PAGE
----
Are you anxious as menopause approaches that your sexual life will alter and might even disappoint you? Well, we are here to debunk this myth in this article!
When a woman has gone a year without having a period, menopause sets in. Perimenopause refers to the years leading up to that transitory period, which is frequently characterized by symptoms including difficulty sleeping, hot flushes, and irregular or inconsistent periods.
Because decreased libido is a typical perimenopause symptom, these very natural changes can nonetheless seem unpleasant because they alter how sex feels and how much you crave it. Having said that, you should be aware that the claim that you will be unable to climax after menopause is wholly untrue. Even after menopause, orgasms and amazing sex are still very achievable.
A few minor adjustments may make a big difference in your enjoyment of sex, whether you’re having it alone or with a partner. They can also increase your partners’ physical and emotional connection. Find out more by reading on!
Women will not be able to orgasm post menopause: true or false?
Because many women do experience difficulty in reaching the climax after the menopausal transition starts, the notion that it is difficult to climax once you reach menopause is probably related to this. Additionally, it’s typical to feel less interested in sex overall, which may lead you to stop prioritizing or scheduling sex at all.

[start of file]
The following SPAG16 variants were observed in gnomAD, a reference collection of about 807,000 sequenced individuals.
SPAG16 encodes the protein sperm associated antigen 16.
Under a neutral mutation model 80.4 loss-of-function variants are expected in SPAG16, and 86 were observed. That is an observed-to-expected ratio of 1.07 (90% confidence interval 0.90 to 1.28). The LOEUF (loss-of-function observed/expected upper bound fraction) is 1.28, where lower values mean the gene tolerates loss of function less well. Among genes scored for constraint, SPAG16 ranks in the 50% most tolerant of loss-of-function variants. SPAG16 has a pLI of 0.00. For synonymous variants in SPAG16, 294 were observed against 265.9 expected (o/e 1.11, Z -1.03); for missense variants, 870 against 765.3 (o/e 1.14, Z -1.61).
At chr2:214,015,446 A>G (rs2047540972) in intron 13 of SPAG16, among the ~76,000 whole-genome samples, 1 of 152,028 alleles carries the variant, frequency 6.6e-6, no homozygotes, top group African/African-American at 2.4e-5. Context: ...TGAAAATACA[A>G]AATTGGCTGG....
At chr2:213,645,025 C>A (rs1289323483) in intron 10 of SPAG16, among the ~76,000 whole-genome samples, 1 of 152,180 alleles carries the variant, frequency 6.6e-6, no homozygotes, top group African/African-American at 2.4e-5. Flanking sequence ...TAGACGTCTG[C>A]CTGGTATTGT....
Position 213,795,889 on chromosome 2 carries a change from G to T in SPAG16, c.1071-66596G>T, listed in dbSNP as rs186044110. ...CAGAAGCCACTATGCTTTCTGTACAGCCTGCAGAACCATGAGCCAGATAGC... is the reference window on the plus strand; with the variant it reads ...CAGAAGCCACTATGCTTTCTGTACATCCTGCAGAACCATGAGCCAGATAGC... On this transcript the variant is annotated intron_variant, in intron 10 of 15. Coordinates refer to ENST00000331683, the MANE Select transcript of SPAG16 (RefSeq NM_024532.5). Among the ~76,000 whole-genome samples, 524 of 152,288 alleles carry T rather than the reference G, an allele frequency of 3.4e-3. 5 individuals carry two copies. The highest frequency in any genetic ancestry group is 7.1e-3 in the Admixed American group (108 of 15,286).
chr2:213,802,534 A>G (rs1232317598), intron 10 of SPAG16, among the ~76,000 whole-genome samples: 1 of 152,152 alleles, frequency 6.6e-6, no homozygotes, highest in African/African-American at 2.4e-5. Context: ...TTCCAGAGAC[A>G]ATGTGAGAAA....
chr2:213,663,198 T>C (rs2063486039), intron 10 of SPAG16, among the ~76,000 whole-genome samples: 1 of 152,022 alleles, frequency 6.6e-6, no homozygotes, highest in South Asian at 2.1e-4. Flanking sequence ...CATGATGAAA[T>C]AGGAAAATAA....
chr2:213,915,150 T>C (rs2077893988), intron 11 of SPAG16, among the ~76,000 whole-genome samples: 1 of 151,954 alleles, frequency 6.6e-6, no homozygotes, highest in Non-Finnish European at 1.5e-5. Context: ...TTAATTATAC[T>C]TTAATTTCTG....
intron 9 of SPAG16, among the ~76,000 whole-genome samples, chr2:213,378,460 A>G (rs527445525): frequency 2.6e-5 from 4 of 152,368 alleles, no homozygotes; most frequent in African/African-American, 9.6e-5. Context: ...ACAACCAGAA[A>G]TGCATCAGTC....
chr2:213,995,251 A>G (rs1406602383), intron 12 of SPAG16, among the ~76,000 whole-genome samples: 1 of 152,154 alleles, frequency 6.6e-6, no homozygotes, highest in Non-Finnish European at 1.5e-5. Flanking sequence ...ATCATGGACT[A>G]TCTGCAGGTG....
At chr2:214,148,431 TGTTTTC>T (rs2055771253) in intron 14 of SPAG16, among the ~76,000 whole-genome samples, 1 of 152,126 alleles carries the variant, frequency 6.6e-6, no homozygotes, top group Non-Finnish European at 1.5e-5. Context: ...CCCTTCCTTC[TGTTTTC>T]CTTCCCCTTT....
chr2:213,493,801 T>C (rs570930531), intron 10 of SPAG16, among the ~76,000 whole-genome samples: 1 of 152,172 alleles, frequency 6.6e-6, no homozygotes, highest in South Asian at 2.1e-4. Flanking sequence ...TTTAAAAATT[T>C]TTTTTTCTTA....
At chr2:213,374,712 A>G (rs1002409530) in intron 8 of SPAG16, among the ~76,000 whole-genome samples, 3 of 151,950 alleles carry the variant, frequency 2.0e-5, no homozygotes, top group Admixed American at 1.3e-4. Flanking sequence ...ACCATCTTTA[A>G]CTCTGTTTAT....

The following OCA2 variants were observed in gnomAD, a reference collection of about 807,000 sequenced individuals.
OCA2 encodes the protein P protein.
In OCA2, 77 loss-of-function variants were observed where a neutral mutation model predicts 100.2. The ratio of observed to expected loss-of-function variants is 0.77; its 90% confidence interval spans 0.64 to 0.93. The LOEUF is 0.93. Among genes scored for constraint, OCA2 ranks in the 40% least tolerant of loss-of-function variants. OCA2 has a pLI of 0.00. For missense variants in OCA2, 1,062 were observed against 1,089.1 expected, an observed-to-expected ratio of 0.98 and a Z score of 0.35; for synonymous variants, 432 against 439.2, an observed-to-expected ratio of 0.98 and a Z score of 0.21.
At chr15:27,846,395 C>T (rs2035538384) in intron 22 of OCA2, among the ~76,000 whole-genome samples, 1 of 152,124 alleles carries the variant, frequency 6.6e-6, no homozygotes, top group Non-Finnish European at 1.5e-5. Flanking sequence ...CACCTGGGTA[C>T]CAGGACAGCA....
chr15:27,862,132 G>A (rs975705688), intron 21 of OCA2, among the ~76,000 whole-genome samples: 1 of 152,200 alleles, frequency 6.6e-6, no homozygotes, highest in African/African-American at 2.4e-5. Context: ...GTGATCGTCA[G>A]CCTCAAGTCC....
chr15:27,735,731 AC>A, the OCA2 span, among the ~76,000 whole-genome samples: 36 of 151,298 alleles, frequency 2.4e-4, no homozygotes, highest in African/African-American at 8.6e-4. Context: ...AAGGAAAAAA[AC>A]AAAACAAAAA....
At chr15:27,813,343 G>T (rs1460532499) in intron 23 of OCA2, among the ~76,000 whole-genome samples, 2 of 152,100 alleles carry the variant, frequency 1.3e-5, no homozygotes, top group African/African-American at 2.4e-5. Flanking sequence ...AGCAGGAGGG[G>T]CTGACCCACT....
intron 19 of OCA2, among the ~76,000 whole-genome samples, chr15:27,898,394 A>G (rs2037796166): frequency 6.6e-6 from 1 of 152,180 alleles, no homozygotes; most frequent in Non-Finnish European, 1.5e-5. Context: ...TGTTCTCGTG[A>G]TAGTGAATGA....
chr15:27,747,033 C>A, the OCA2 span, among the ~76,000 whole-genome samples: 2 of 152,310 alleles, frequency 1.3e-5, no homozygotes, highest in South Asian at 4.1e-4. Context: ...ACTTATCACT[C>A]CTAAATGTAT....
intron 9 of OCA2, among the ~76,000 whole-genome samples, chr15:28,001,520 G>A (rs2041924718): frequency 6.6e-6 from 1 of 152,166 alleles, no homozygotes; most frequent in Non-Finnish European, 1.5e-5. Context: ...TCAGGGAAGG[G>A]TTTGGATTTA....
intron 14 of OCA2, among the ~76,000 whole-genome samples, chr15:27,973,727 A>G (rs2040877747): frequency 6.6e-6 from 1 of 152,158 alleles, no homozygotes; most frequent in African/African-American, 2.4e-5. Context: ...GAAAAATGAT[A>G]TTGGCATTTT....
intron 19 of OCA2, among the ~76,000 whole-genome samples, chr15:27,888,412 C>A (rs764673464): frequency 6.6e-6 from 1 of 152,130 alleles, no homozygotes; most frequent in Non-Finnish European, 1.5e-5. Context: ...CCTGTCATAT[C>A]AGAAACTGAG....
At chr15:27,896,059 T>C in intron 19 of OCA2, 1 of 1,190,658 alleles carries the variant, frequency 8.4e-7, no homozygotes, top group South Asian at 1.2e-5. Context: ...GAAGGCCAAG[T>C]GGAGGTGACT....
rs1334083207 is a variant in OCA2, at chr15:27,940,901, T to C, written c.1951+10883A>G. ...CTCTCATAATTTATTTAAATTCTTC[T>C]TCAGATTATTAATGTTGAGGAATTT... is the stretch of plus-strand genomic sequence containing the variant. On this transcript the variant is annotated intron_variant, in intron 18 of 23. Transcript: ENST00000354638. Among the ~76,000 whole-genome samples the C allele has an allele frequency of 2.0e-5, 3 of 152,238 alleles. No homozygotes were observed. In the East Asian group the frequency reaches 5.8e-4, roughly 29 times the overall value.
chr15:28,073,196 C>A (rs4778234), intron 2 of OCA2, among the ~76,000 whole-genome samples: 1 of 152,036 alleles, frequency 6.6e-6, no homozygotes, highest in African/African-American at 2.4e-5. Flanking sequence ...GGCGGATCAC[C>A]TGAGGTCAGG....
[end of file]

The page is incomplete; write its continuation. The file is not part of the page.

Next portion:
This myth may also be influenced by out-of-date and wholly false conceptions about sexuality. Of course, menopause signifies the end of the reproductive years as well as the entry into more mature adulthood. Some people can see this transformation as the conclusion of physical desire.
But despite what some people might think or say, having sex and continuing to enjoy one’s sexuality into middle age and beyond is normal, healthy, and undoubtedly achievable.
Are there any positive sexual changes that might occur during this time?